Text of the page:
|4465232||Device for carrying a scented element for affixing to the body, articles of clothing or packages||August, 1984||Field||239/36|
|4363322||Deodorizing and disinfecting liquid-absorbing product and process for production thereof||December, 1982||Andersson||604/359|
|4331148||Deodorizing ostomy bag cover||May, 1982||Steer et al.||604/333|
|4173979||Urine bag cover and holder device||November, 1979||Odis||604/327|
|2688327||Colostomy device||September, 1954||Borg||604/333|
This invention relates to ostomy bag apparatus. The term "ostomy" refers to a surgical procedure in which a human or animal elimination system is re-routed to exit the body through a surgically created orifice called a "stoma" in the body surface. Two such surgical procedures are a "colostomy" in which part of the colon is removed and "ileostomy" in which part of the small intestine is removed.
A person who has undergone an ostomy procedure is an "ostomate" and wears an "ostomy bag" to collect waste material discharged through the stoma. Discharged waste material includes solids, liquids and gases generated by the digestive process. Ostomy bags commonly are vented to the atmosphere, thus reducing the rapid ostomy bag inflation that would result under the ostomate's clothing if an unvented bag were used.
A common concern of an ostomate is the socially undesirable odor emanating from an ostomy bag. Another common concern is the skin irritation which an ostomy bag may cause to the ostomate's skin. Ostomy bags are commonly made of a plastic material and are available from numerous sources, including E. R. Squibb & Sons, Inc. Cloth custom-fitted covers are sometimes worn over the plastic ostomy bag to minimize skin irritation and various apparatus has been designed to provide a deodorant intended to mask or neutralize odors emanating from an ostomy bag. Some such examples are: Riely, U.S. Pat. No. 3,690,320 issued Sept. 12, 1972 teaching a deodorizing packet inside a pouch; Kubach et al, U.S. Pat. No. 4,211,224 issued July 8, 1980 utilizing a vent which contains a deodorizing material; Bonfils, U.S. Pat. No. 3,439,677 utilizing a deodorant in a filter material; and Diack, U.S. Pat. No. 2,054,535 issued Sept. 15, 1936 utilizing a deodorizing cartridge. Some ostomates attempt to mask or neutralize odors simply by wearing a deodorant impregnated tissue or cloth looped over their belt so their body heat warms and vaporizes the deodorant.
It is an object of this invention therefore to provide apparatus for covering an ostomy bag with a non-irritating material and provide a pocket for receiving a deodorizing object in the ostomy bag cover; the deodorizing member including a volatile deodorant which is warmed and vaporized by body heat from the wearer.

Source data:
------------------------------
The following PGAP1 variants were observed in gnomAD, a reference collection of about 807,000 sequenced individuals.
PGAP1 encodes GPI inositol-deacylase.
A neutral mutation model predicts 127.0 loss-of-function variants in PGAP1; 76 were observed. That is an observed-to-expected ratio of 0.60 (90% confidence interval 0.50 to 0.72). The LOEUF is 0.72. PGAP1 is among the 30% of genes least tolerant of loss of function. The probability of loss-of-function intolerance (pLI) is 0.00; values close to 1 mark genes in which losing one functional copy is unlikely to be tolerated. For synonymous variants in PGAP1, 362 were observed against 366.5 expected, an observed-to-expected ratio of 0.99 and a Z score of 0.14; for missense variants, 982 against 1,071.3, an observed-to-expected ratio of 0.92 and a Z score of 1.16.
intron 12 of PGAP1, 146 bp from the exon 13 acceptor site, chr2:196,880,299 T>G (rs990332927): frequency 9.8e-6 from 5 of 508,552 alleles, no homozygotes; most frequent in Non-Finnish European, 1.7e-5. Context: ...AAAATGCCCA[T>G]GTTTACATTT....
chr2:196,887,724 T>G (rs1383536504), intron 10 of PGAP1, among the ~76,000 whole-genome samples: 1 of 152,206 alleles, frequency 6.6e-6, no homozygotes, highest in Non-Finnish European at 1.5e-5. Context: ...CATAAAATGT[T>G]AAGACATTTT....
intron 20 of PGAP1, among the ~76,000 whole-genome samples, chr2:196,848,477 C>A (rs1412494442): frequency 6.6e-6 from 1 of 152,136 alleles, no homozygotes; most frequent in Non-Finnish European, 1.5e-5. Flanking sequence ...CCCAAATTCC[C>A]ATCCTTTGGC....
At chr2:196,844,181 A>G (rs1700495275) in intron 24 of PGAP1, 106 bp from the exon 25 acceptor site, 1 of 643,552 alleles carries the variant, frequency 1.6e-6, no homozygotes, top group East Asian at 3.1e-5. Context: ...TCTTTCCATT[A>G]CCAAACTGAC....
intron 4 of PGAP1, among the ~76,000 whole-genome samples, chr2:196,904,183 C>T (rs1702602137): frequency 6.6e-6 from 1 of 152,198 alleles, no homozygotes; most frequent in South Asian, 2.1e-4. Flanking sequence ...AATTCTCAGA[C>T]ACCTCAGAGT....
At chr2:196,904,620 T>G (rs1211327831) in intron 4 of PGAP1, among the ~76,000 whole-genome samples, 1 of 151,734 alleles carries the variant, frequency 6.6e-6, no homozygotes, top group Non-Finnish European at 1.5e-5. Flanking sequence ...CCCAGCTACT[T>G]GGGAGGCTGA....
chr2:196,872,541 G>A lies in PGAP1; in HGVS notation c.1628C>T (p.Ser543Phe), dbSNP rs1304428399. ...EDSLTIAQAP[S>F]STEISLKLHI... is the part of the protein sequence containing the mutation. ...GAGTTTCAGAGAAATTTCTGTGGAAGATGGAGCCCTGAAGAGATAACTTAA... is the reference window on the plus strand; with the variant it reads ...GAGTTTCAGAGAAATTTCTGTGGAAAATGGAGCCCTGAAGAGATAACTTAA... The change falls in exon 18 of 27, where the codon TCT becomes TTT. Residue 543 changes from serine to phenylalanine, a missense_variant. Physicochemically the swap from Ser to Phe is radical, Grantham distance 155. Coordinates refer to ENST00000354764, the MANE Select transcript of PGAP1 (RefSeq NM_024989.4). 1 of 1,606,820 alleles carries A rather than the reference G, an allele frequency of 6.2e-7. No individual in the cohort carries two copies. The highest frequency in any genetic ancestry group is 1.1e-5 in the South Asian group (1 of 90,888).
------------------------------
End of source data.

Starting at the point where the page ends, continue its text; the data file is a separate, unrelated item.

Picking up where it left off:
The foregoing and other objects and advantages of the subject invention will become apparent from the accompanying drawing and description.
This invention relates to ostomy bag apparatus in which an ostomy bag cover is provided with a pocket for receiving a deodorizing material. The pocket is formed by at least one fold in the ostomy bag cover, which substantially encloses the ostomy bag. The deodorizing member includes a volatile deodorant which is warmed and vaporized by body heat of an ostomate wearing the apparatus.
FIG. 1 is a plan view with parts removed of ostomy bag apparatus embodying the principles of the subject invention.
FIG. 2 is a sectional view of the apparatus in FIG. 1 taken along lines 2--2 and enlarged to show detail.
FIG. 3 is a partial sectional view of the apparatus in FIG. 1 taken along lines 3--3 and enlarged to show detail.
As shown in FIG. 1, a conventional ostomy bag 10 is illustrated which includes a sealed plastic envelope 12 having a front surface 14 on which is positioned a vent 16 and a back surface 18 adapted to be worn next to the body of an ostomate whose stoma is positioned in the center of an orifice 20 in the back surface 18 of the plastic envelope 12.
For purposes of illustration in FIG. 1 the back surface 18 of the plastic envelope 12 includes a semi-rigid plastic ring 22 which customarily is provided with an adhesive coating (not shown) on the side of the ring adjacent the ostomate's body for securely sealing the ring 22 to the ostomate's body to prevent waste material leakage and assure all waste products pass into the plastic envelope 12. To provide a simple illustration in FIG. 1 the front surface 14 is partially removed at 24 to show orifice 20. Persons versed in the art will appreciate that the front surface 14 is a solid plastic surface except where vent 16 is provided, which in the illustrated embodiment is of a conventional design having a rigid first ring 26 the middle of which opens to the interior of plastic envelope 12 and a second ring 28 provided with a tab 30 and a screen 32 of a suitable felt or other material which tends to be gas permeable but liquid non-permeable to facilitate venting gases from inside the plastic envelope 12 to the atmosphere.